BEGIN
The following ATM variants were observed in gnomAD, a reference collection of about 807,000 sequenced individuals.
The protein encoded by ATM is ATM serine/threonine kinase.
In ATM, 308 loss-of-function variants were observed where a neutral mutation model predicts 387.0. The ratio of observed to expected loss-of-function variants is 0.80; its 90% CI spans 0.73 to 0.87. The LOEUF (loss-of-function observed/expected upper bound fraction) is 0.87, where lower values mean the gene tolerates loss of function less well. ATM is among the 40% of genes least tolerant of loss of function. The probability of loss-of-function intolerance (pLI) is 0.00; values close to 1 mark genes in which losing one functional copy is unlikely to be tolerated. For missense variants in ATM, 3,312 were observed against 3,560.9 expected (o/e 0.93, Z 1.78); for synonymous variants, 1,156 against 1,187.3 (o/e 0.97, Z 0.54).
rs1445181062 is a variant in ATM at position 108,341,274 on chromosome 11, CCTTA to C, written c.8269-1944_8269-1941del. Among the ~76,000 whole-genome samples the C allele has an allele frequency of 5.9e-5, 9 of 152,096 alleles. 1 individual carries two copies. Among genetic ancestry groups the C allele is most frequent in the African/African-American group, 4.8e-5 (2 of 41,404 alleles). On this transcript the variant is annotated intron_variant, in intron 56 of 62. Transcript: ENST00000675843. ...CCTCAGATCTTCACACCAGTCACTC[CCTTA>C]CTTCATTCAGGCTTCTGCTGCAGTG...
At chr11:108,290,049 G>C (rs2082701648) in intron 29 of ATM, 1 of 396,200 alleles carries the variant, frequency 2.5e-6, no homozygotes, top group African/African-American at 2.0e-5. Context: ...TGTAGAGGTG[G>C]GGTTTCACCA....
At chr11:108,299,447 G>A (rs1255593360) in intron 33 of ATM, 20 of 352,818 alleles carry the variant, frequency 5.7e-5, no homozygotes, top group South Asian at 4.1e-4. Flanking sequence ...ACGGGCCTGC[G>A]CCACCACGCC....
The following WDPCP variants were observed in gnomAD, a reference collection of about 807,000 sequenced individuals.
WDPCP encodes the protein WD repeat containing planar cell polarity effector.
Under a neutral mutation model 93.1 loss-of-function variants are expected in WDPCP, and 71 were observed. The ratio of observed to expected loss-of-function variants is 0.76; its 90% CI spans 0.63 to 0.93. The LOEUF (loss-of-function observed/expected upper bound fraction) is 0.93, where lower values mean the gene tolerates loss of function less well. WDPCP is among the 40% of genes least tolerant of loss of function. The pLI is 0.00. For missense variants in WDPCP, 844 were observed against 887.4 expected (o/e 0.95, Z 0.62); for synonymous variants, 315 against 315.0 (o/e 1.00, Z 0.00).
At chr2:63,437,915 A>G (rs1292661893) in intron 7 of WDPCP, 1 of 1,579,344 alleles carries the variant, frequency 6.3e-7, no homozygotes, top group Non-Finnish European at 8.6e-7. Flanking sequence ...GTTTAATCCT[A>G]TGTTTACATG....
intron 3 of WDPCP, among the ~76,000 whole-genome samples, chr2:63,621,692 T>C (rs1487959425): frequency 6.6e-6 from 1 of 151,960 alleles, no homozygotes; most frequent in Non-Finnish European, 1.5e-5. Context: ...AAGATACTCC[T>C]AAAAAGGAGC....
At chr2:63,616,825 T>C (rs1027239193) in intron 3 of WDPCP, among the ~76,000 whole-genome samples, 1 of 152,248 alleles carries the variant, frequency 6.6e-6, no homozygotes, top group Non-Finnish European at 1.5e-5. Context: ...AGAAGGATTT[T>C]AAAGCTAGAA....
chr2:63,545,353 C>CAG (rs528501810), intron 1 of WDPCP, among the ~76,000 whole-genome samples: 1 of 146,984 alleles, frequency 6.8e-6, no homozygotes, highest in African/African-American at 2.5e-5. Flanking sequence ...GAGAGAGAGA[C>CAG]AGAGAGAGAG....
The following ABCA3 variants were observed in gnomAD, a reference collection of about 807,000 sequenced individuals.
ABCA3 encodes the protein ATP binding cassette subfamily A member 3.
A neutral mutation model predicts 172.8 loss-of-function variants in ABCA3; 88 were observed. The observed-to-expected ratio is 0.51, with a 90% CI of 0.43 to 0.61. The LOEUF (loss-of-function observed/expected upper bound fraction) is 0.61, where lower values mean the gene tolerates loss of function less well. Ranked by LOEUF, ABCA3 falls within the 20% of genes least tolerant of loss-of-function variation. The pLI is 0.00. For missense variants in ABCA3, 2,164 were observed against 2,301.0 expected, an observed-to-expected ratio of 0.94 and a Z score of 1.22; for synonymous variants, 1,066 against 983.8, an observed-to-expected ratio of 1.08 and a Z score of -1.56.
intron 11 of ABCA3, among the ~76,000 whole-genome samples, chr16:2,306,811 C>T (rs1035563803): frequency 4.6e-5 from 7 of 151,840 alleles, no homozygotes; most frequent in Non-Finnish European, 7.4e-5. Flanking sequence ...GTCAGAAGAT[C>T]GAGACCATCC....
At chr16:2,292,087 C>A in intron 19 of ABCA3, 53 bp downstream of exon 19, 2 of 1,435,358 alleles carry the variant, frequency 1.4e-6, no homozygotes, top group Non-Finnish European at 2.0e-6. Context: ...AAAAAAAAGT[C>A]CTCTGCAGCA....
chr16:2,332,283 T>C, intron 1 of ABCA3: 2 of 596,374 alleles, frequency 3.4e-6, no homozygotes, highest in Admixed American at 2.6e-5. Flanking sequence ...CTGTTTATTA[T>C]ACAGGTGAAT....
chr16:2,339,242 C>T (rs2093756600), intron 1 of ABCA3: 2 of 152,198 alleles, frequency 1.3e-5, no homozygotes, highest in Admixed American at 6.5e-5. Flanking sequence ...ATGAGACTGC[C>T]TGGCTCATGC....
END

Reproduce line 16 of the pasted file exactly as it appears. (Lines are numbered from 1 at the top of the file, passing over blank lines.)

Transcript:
A neutral mutation model predicts 172.8 loss-of-function variants in ABCA3; 88 were observed. The observed-to-expected ratio is 0.51, with a 90% CI of 0.43 to 0.61. The LOEUF (loss-of-function observed/expected upper bound fraction) is 0.61, where lower values mean the gene tolerates loss of function less well. Ranked by LOEUF, ABCA3 falls within the 20% of genes least tolerant of loss-of-function variation. The pLI is 0.00. For missense variants in ABCA3, 2,164 were observed against 2,301.0 expected, an observed-to-expected ratio of 0.94 and a Z score of 1.22; for synonymous variants, 1,066 against 983.8, an observed-to-expected ratio of 1.08 and a Z score of -1.56.